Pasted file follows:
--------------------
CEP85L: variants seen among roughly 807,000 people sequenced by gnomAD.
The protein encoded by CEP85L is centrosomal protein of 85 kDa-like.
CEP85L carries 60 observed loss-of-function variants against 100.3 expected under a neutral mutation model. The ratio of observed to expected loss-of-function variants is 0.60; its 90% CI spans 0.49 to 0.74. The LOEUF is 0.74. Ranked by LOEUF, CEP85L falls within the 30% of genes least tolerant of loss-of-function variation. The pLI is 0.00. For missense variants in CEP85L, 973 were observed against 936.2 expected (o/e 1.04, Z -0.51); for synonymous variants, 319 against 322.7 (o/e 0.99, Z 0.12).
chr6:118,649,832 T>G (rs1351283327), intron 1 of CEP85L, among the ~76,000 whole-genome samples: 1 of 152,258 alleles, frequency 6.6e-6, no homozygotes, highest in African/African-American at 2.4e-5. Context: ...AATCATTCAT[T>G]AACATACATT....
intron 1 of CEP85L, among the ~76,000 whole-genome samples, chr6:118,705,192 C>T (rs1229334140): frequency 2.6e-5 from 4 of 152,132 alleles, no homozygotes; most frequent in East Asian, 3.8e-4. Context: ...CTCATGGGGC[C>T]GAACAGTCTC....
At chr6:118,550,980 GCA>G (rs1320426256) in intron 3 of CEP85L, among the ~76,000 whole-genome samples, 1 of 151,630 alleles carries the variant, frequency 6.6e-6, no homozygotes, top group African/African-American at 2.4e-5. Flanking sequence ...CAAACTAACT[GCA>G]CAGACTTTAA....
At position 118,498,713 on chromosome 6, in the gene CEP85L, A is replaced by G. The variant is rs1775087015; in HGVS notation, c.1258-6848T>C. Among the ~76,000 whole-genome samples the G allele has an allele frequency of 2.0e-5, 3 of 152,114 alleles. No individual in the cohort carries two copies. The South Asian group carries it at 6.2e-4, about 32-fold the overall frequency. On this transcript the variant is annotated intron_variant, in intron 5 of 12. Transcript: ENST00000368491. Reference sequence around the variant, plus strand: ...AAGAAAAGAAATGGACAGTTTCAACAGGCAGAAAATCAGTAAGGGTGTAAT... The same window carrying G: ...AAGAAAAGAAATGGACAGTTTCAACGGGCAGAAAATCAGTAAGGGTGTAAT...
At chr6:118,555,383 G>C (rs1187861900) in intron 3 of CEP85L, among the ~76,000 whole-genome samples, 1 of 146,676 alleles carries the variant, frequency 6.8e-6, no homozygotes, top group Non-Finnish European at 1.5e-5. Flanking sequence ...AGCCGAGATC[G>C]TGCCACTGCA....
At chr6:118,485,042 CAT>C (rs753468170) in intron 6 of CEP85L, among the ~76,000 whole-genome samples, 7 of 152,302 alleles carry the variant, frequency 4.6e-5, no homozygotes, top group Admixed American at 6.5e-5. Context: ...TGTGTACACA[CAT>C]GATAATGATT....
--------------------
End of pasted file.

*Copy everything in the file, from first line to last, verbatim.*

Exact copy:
CEP85L: variants seen among roughly 807,000 people sequenced by gnomAD.
The protein encoded by CEP85L is centrosomal protein of 85 kDa-like.
CEP85L carries 60 observed loss-of-function variants against 100.3 expected under a neutral mutation model. The ratio of observed to expected loss-of-function variants is 0.60; its 90% CI spans 0.49 to 0.74. The LOEUF is 0.74. Ranked by LOEUF, CEP85L falls within the 30% of genes least tolerant of loss-of-function variation. The pLI is 0.00. For missense variants in CEP85L, 973 were observed against 936.2 expected (o/e 1.04, Z -0.51); for synonymous variants, 319 against 322.7 (o/e 0.99, Z 0.12).
chr6:118,649,832 T>G (rs1351283327), intron 1 of CEP85L, among the ~76,000 whole-genome samples: 1 of 152,258 alleles, frequency 6.6e-6, no homozygotes, highest in African/African-American at 2.4e-5. Context: ...AATCATTCAT[T>G]AACATACATT....
intron 1 of CEP85L, among the ~76,000 whole-genome samples, chr6:118,705,192 C>T (rs1229334140): frequency 2.6e-5 from 4 of 152,132 alleles, no homozygotes; most frequent in East Asian, 3.8e-4. Context: ...CTCATGGGGC[C>T]GAACAGTCTC....
At chr6:118,550,980 GCA>G (rs1320426256) in intron 3 of CEP85L, among the ~76,000 whole-genome samples, 1 of 151,630 alleles carries the variant, frequency 6.6e-6, no homozygotes, top group African/African-American at 2.4e-5. Flanking sequence ...CAAACTAACT[GCA>G]CAGACTTTAA....
At position 118,498,713 on chromosome 6, in the gene CEP85L, A is replaced by G. The variant is rs1775087015; in HGVS notation, c.1258-6848T>C. Among the ~76,000 whole-genome samples the G allele has an allele frequency of 2.0e-5, 3 of 152,114 alleles. No individual in the cohort carries two copies. The South Asian group carries it at 6.2e-4, about 32-fold the overall frequency. On this transcript the variant is annotated intron_variant, in intron 5 of 12. Transcript: ENST00000368491. Reference sequence around the variant, plus strand: ...AAGAAAAGAAATGGACAGTTTCAACAGGCAGAAAATCAGTAAGGGTGTAAT... The same window carrying G: ...AAGAAAAGAAATGGACAGTTTCAACGGGCAGAAAATCAGTAAGGGTGTAAT...
At chr6:118,555,383 G>C (rs1187861900) in intron 3 of CEP85L, among the ~76,000 whole-genome samples, 1 of 146,676 alleles carries the variant, frequency 6.8e-6, no homozygotes, top group Non-Finnish European at 1.5e-5. Flanking sequence ...AGCCGAGATC[G>C]TGCCACTGCA....
At chr6:118,485,042 CAT>C (rs753468170) in intron 6 of CEP85L, among the ~76,000 whole-genome samples, 7 of 152,302 alleles carry the variant, frequency 4.6e-5, no homozygotes, top group Admixed American at 6.5e-5. Context: ...TGTGTACACA[CAT>C]GATAATGATT....